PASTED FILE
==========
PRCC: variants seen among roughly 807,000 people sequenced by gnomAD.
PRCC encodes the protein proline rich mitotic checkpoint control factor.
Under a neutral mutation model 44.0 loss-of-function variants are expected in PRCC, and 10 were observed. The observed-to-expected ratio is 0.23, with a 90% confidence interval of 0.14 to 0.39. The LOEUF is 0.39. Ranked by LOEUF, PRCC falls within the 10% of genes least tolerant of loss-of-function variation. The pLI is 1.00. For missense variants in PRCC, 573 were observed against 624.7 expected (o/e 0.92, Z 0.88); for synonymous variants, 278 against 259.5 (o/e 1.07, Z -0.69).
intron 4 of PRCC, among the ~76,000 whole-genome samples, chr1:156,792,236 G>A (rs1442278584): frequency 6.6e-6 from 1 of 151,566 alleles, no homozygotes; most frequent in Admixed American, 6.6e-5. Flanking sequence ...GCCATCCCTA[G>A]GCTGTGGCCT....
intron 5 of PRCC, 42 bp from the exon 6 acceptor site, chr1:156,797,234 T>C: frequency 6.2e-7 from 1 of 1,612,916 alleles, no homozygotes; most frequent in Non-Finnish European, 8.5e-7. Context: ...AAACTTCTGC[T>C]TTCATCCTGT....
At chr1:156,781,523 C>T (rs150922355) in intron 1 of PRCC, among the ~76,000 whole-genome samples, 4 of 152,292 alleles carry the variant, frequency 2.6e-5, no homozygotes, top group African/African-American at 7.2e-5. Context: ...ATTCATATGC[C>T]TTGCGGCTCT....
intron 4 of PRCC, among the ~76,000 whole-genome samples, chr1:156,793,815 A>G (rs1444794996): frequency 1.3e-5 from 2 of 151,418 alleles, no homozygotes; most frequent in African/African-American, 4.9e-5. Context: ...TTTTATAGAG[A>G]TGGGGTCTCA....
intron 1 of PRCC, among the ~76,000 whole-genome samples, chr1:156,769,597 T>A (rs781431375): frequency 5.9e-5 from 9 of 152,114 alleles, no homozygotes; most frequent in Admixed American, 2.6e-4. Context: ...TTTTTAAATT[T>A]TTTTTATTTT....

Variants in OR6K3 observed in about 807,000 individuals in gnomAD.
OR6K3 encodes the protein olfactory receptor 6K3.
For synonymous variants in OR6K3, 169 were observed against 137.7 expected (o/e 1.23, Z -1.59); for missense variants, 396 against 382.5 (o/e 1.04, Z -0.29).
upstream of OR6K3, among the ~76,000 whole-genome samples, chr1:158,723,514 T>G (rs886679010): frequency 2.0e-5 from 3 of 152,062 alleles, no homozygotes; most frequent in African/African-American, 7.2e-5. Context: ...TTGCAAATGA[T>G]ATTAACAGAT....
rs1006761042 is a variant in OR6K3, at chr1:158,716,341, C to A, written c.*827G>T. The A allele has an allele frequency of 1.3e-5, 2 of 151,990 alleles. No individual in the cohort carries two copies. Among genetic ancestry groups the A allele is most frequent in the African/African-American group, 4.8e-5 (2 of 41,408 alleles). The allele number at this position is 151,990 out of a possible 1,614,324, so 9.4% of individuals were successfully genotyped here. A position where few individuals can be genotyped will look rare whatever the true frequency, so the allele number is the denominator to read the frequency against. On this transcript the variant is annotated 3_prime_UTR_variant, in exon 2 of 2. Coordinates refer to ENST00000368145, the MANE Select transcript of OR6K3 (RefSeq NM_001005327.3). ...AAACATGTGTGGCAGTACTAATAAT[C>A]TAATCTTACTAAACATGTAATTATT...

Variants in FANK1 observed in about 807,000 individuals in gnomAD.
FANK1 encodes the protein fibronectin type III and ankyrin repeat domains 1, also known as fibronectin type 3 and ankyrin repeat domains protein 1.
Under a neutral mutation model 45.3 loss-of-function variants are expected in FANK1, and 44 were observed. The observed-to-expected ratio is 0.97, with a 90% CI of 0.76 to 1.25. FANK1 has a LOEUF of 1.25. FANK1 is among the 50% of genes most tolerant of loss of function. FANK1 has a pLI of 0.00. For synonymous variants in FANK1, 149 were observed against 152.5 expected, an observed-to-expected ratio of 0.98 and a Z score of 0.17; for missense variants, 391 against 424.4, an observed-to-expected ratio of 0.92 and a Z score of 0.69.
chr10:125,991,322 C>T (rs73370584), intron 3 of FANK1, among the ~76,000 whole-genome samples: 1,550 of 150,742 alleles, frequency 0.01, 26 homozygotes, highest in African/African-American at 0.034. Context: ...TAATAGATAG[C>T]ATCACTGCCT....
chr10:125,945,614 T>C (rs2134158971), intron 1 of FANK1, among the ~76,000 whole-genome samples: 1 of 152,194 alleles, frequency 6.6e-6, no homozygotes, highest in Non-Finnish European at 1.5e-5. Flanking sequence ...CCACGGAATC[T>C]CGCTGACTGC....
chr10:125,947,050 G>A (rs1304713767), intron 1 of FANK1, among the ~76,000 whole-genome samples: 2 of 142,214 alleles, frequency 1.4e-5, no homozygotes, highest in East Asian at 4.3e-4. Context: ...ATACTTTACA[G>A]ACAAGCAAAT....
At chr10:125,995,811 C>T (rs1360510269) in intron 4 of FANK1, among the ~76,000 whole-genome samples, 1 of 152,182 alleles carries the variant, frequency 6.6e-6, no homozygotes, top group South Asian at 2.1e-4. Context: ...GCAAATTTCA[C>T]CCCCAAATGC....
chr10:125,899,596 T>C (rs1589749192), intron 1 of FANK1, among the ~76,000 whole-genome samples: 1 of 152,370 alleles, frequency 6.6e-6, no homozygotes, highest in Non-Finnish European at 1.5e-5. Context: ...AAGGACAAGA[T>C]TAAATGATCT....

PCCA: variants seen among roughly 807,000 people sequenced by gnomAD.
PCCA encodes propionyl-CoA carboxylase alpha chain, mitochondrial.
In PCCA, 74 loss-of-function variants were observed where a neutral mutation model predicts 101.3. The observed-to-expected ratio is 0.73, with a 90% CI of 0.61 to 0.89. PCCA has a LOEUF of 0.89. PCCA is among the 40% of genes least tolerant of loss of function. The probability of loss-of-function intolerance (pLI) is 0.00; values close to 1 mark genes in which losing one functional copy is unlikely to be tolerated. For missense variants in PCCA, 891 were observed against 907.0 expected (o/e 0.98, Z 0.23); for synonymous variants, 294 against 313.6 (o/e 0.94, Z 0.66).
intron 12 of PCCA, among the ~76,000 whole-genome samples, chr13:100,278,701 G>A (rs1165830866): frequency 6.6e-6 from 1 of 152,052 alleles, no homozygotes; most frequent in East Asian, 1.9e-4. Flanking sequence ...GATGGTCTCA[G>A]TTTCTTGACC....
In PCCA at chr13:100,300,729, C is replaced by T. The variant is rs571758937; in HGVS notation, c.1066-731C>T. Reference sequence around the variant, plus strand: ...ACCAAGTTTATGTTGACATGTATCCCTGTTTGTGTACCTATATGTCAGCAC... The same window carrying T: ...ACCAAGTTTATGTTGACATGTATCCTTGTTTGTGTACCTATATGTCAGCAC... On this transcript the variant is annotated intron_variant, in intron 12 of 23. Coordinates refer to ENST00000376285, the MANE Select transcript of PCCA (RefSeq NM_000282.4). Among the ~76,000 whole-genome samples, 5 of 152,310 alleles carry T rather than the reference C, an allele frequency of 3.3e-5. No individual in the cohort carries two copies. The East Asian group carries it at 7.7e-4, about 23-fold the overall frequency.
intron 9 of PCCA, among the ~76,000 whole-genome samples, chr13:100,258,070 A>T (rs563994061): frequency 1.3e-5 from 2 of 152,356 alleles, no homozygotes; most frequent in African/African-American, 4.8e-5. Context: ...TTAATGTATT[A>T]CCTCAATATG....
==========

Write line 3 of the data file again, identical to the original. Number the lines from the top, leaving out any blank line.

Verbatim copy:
Under a neutral mutation model 44.0 loss-of-function variants are expected in PRCC, and 10 were observed. The observed-to-expected ratio is 0.23, with a 90% confidence interval of 0.14 to 0.39. The LOEUF is 0.39. Ranked by LOEUF, PRCC falls within the 10% of genes least tolerant of loss-of-function variation. The pLI is 1.00. For missense variants in PRCC, 573 were observed against 624.7 expected (o/e 0.92, Z 0.88); for synonymous variants, 278 against 259.5 (o/e 1.07, Z -0.69).